By now, I'm sure you've heard countless reasons why either the Green Bay Packers or the Pittsburgh Steelers will walk out of Dallas as Super Bowl champions.
With so much lead-up and analysis, it's hard to figure out just who in fact has the most credentials pertaining to the game itself.
Well, today, my job is to decipher every matchup possible while still interpreting the statistics as shown.
What I've come up with is this: the Green Bay Packers will be Super Bowl XLV champions by the end of Sunday.
Here are 10 reasons why you should believe it, too.
Dom Capers' subjugating defense consists of four Pro-Bowlers in Clay Matthews, Charles Woodson, Nick Collins and Tramon Williams, all of whom have made the "big play" needed to secure a victory at some point of the season.
However, Green Bay's unsung heroes (i.e. Sam Shields, B.J. Raji, Desmond Bishop) have certainly made their mark in these playoffs.
Come Sunday, one of these hard-nosed play-makers will have the opportunity to make a difference in the outcome of the game. Which one is yet to be determined.
After abashing three of the NFL's premier franchises in successive weeks, Green Bay has become the so-called "road warriors" we've come to know over the last few seasons.
And for you nay-sayers out there (and you know who you are), the time has come to believe in momentum. If you don't believe me, just ask Tom Brady and Bill Belichick. They'll give you a great synopsis of how momentum carries over into a Super Bowl.
A mentor under Pittsburgh's Dick Lebeau, Dom Capers has become the unsung hero of the Packers' run towards Super Bowl greatness.
Take that into account with some of Title-town's most fearsome defensive playmakers (i.e. Clay Matthews, Charles Woodson, Tramon Williams, B.J. Raji, Nick Collins), and you've got one heck of a mainstay.
On Sunday, expect a number of bombastic game-changing plays to propel Green Bay to victory—from none other than Capers himself.
Green Bay's version of "Rocky", Starks has launched himself towards national prominence in a matter of a few weeks.
Against Chicago's "impenetrable" front seven, Starks accelerated for 74 critical yards, all while scoring his first career NFL touchdown.
Super Bowl Sunday will be yet another example of how Green Bay's maturity as a ballclub has thrust them into the biggest stage known to mankind.
The head of success in Green Bay started with McCarthy in letting go of Brett Favre some three seasons ago.
How did that work out for Packer nation?
I'd say pretty good.
Other than that, McCarthy has instilled a balanced, highly potent offense over the past few years— beginning with play from Aaron Rodgers.
If anyone deserves the most credit for Green Bay's reappearance into the national spotlight, it's McCarthy.
One of the green and gold's most successful wide-receivers in franchise history, Donald Driver has patiently awaited his golden opportunity for over 13 grueling seasons to seize the moment by winning a Super Bowl.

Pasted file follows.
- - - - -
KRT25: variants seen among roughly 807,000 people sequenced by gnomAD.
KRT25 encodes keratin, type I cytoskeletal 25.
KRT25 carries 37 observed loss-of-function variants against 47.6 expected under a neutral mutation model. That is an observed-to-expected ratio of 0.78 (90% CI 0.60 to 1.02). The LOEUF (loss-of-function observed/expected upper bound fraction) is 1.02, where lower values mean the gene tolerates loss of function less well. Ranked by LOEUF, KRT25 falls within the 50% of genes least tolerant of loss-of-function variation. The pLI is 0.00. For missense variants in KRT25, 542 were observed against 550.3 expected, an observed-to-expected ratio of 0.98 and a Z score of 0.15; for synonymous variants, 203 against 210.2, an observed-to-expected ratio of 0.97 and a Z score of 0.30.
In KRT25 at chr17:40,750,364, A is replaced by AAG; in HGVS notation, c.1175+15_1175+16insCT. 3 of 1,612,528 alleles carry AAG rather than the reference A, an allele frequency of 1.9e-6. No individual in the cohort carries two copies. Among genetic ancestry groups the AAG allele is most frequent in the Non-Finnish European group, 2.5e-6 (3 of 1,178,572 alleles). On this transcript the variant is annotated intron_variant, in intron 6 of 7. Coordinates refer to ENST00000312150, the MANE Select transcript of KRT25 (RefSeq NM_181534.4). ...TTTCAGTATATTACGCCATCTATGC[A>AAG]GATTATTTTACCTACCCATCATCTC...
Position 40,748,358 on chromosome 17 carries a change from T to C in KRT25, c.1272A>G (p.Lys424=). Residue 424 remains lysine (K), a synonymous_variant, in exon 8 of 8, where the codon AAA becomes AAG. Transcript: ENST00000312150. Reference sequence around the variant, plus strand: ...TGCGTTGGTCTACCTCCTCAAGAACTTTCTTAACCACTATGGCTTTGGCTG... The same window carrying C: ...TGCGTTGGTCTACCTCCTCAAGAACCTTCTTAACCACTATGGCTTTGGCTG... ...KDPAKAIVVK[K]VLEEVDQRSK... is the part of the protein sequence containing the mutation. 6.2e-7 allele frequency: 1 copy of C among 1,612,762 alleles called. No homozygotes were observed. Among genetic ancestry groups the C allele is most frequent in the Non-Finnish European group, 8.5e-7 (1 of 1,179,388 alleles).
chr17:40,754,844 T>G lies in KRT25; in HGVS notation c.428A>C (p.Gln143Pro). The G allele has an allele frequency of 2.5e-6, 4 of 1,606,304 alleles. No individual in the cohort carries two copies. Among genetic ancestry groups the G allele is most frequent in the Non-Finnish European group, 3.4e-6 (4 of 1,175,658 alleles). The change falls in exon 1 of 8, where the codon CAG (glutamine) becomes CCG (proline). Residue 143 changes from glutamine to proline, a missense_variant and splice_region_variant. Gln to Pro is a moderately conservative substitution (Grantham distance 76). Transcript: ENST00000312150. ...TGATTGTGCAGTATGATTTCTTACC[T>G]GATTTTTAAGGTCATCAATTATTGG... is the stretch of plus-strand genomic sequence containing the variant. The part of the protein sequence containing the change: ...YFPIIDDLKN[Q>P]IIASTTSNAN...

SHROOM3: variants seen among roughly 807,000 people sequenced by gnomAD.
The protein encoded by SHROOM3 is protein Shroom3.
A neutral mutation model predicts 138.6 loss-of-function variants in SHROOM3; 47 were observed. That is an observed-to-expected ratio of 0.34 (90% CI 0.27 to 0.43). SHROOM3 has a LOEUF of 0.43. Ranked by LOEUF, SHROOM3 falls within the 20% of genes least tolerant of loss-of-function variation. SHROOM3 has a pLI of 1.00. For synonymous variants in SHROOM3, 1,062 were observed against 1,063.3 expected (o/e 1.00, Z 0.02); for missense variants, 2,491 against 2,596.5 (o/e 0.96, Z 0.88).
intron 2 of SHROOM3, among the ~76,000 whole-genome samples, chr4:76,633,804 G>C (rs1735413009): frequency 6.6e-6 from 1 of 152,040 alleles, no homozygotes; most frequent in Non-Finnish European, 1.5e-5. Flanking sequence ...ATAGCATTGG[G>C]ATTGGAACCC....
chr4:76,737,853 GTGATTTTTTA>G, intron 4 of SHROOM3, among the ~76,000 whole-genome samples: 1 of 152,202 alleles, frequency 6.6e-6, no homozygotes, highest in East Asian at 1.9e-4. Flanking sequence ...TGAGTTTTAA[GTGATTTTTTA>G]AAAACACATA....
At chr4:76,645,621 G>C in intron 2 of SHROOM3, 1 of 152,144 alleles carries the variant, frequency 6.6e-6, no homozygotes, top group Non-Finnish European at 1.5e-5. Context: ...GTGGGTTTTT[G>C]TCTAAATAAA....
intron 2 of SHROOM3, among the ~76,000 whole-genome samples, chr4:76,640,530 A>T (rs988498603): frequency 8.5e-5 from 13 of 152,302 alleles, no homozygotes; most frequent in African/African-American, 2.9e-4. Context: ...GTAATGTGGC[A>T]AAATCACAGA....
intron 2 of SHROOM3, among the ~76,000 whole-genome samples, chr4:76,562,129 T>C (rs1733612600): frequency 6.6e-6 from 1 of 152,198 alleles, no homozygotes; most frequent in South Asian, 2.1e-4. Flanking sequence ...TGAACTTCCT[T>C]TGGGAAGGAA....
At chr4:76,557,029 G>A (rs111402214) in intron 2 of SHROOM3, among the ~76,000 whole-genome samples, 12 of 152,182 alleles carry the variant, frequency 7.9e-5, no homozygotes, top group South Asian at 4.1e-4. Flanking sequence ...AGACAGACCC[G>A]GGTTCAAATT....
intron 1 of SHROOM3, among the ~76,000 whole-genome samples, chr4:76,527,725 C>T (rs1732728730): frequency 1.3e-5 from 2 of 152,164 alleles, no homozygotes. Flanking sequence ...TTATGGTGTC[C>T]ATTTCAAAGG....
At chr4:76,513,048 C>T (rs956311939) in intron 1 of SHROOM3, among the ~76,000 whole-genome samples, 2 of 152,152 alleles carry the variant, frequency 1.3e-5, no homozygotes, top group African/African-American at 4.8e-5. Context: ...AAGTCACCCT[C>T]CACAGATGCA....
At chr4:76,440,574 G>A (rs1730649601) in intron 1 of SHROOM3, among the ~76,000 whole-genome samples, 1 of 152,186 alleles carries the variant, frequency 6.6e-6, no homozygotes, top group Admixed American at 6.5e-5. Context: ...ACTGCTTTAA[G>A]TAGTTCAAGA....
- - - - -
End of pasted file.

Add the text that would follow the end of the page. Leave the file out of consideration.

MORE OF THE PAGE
This time around, he'll have a chance to do just that.
Drive has consistently showed us on a week-to-week basis how hard work and a great attitude can make all the difference between winning and losing.
If you can't cheer for Driver, there's something wrong with you.
Yet another example of how strive and a hunger to be the best can make all the difference, Green Bay's cornerback stud Charles Woodson has put forth an indisputable effort towards making it back to the promise land.
As last season's defensive player of the year, Woodson is arguably a more viable threat to the quarterback than his Super Bowl counterpart, Troy Polamalu.
Either way, there's no getting around it. Woodson has helped turn around a once lackluster Packers defense into an enthralling sporting spectacle.
When the pressure is on Ben Roethlisberger, like it will be, Woodson will have his shots.
If you haven't noticed, Green Bay's signal caller has been nothing short of astonishing in these playoffs.
Having eclipsed just short of 800 yards and six touchdowns in a three game span, Aaron Rodgers has shown us that even the most mortal of players can accomplish some of the most glorious of feats.
Not only that, but Rodgers holds the record for the highest postseason quarterback rating in NFL history (109.2), complemented by a completion percentage in the neighborhood of 75 percent.
Oh, and let's not forget about his last dome appearance: 366 yards, three touchdowns, and a 136.8 quarterback rating against a respectable Atlanta secondary.
Good luck, Polamalu.
The greatest part about losing a football game is figuring out what you did wrong and how you can improve on it the next time you square off with the same opponent.
Well, for the Packers, Sunday will be quite the testament to that statement.
Green Bay's 37-36 loss to the Steelers last season was in the least bit satisfying. However, what the Packers can take away from that matchup will help further their efforts towards returning the favor to Pittsburgh.
This season, the Packers have thrived as the visiting team, most notably in these playoffs. And after defeating the NFC's top three teams in consecutive weeks, Green Bay has clearly chose to take the road less traveled in reaching the Super Bowl.
But when the Packers take the field Super Bowl Sunday, one thing is for certain: expect the juices to be flowing and for a complete effort from Green Bay.
Behind Aaron Rodgers, who is virtually unstoppable indoors, the Packers will have a fantastic shot at securing their fourth Super Bowl in franchise history.